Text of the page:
“I like a little rebellion now and then,” Thomas Jefferson famously wrote. The primary author of the Declaration of Independence and America’s third president regarded rebellion as “like a storm in the atmosphere.” It clears the air and settles matters.
A storm is brewing in the Brazilian political atmosphere at this very moment. Amazingly, the hero at the center of it is not a seasoned veteran of government, media, business, or labor. He is not a Marxist, a class warfare demagogue, or a bomb-thrower. He’d sooner spit on a Che Guevara T-shirt than wear one. He’s a 19-year-old college dropout with a very un-Brazilian last name, and he’s a libertarian — one that Jefferson himself likely would embrace with enthusiasm. Meet Kim Kataguiri, the cofounder and public face of the Free Brazil Movement.
Just two years ago, this grandson of Japanese immigrants was a high school student with no political profile, public or private. His story is a perfect example of something we at the Foundation for Economic Education (FEE) frequently identify as essential to the future of liberty: packaging our ideas in ways young people find both accessible and exciting, and then putting them out there in venues that young people use.
When attractive ideas converge with catalyzing events and strong personalities, big and unpredictable things happen. In hindsight, we see clearly that the demise of communism in one country after another in 1989 resulted from such a perfect alignment. In Brazil, the rise of libertarian ideas is so palpable that the statist left is having fits trying to finger some evil puppet master behind it all. As in the United States, the statists can’t conceive of a decentralized, ideas-based, grassroots movement of people who actually believe passionately in freedom and free markets; to them, the opposition is always a nefarious conspiracy of a few. The catalyzing events behind Brazil’s freedom movement are high taxes, massive corruption and cronyism, rising price inflation amid a sluggish economy, and the widely perceived incompetence of President Dilma Rousseff and her socialist-leaning Workers’ Party.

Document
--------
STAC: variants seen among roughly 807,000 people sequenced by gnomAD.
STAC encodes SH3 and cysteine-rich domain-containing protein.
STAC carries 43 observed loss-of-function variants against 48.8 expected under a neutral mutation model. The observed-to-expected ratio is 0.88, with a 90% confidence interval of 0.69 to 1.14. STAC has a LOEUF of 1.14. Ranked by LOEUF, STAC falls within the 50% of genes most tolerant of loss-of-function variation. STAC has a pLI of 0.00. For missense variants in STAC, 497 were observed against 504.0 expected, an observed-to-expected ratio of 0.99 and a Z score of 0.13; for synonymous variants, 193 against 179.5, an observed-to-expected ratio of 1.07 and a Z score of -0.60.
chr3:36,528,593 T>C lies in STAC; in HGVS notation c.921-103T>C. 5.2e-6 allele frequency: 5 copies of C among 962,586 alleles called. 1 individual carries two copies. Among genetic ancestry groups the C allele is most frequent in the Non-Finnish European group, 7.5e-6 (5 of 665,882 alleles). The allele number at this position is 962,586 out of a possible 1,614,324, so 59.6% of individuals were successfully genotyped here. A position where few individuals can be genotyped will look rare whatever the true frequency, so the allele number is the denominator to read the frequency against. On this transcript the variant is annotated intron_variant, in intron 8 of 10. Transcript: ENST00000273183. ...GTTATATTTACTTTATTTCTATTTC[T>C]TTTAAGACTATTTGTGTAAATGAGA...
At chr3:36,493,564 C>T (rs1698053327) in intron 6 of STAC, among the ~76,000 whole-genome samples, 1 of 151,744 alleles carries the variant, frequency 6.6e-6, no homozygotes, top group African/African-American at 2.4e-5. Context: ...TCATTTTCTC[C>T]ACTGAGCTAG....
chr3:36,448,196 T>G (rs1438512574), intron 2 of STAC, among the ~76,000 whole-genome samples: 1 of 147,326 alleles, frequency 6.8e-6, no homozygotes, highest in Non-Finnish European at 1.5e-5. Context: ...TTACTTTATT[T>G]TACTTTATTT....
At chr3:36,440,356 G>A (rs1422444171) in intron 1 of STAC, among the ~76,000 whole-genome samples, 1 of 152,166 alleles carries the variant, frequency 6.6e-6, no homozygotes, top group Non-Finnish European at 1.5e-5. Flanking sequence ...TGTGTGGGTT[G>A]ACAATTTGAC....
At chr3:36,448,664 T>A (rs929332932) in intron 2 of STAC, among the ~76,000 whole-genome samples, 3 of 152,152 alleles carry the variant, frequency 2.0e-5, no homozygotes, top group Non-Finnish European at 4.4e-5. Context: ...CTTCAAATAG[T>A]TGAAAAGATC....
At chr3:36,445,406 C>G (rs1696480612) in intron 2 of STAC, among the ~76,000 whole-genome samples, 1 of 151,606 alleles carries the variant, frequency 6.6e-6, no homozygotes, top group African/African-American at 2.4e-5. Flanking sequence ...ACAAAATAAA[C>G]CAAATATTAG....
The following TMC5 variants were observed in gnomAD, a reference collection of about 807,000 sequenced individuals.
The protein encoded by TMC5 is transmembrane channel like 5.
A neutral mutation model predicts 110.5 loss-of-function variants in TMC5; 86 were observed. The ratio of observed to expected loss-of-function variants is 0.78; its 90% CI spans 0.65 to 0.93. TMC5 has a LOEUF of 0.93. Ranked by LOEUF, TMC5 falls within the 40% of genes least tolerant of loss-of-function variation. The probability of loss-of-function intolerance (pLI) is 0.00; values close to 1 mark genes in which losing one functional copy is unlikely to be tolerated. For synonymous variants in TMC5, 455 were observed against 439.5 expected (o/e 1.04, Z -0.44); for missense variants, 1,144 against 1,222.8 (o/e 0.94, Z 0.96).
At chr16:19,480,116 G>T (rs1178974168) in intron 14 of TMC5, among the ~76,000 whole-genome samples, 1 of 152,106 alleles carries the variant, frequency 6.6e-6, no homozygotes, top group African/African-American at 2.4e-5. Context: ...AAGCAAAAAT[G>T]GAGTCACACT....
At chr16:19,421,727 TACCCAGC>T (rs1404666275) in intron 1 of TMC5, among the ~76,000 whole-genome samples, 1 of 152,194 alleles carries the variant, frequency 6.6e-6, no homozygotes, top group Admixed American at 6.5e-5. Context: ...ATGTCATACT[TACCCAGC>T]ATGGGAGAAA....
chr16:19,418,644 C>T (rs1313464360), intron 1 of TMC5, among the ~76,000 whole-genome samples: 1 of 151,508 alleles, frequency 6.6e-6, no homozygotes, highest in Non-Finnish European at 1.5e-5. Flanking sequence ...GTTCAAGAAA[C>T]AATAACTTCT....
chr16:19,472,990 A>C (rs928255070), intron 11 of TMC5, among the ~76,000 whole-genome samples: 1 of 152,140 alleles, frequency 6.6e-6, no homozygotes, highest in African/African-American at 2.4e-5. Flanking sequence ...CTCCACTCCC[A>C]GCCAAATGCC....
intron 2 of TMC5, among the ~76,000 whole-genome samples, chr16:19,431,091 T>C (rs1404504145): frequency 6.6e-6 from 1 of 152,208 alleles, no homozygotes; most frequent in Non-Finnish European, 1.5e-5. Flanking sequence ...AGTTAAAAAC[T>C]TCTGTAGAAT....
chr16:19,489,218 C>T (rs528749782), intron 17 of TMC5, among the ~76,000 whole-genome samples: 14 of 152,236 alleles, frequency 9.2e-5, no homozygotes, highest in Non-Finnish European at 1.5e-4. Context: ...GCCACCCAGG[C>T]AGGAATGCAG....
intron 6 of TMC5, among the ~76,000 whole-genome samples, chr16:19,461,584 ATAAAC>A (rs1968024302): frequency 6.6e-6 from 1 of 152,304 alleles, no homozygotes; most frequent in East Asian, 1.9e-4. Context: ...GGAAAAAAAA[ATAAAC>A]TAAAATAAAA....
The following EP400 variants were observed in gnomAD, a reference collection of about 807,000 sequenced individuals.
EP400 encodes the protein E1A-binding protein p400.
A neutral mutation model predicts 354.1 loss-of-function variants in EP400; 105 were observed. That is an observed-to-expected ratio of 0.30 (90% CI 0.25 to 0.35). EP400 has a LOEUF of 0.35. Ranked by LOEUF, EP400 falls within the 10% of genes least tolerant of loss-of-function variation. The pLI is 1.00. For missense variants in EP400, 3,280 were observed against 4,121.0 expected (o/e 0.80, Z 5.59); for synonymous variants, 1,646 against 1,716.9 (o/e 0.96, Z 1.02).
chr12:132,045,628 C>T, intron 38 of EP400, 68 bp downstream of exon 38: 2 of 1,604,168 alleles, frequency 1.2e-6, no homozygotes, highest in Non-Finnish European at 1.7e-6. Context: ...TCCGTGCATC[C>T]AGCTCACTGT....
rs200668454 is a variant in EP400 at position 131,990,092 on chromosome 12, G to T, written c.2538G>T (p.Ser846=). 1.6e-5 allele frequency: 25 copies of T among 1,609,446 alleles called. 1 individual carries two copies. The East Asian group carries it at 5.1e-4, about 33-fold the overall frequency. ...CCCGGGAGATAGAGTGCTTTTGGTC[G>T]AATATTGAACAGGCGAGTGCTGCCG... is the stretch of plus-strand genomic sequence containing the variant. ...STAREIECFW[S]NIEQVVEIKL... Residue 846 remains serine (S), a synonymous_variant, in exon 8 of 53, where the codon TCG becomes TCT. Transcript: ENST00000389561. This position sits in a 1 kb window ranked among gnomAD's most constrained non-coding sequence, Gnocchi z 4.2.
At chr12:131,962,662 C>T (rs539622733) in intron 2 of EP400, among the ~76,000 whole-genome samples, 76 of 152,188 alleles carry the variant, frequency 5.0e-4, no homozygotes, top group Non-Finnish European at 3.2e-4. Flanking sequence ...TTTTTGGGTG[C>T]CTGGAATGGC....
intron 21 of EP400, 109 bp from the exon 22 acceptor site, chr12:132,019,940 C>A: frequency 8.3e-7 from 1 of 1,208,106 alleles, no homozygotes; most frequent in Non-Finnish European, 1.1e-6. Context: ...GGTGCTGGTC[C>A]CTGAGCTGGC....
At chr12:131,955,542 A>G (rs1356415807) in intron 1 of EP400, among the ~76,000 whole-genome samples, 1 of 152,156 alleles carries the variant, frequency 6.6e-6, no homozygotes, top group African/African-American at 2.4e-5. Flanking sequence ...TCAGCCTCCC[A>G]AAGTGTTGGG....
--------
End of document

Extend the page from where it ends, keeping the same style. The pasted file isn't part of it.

“I learned about Milton Friedman and Ludwig von Mises through the Internet,” Kataguiri told me in a June 2 interview. He cited a think tank headquartered in Sao Paulo, Mises Institute-Brazil, as one source of those ideas. Another was Portal Libertarianismo. I take special pride in this revelation from him: “A lot of articles from the FEE website were translated by these Brazilian libertarians and have helped tens of thousands of people to know the ideas of liberty.”
In neighboring Argentina, people take to the streets for almost any cause. Brazilians are more laid back. So on March 15, 2015, when Kataguiri and his young associates turned out nearly two million Brazilians in 25 cities to protest corruption and socialism, a sensation was born. Helio Beltrao, founder and president of Mises Institute-Brazil, sees Kataguiri as “a natural, dynamic leader.” On April 12, Kataguiri’s Free Brazil Movement and associated groups fielded protests in 200 cities across Brazil, the largest country in Latin America and the fifth biggest in the world. Beltrao says, “The left is completely in awe over this. These were the largest demonstrations of any kind, for any reason, since at least 1992 in our country.”
A key ingredient in Kataguiri’s success so far is his mastery of video and social media. He’s prolific, eloquent — and some say delightfully “quirky” — on Facebook, Twitter, and YouTube. Reportedly, Rousseff and her minions are outraged and embarrassed at the effectiveness of his incisive barbs. He and his Free Brazil Movement have even engineered classes and rock concerts with free-market themes. Drawing comparisons to the early days of the Arab Spring, the left-leaning Brazilian press has found these ingenious efforts impossible to ignore.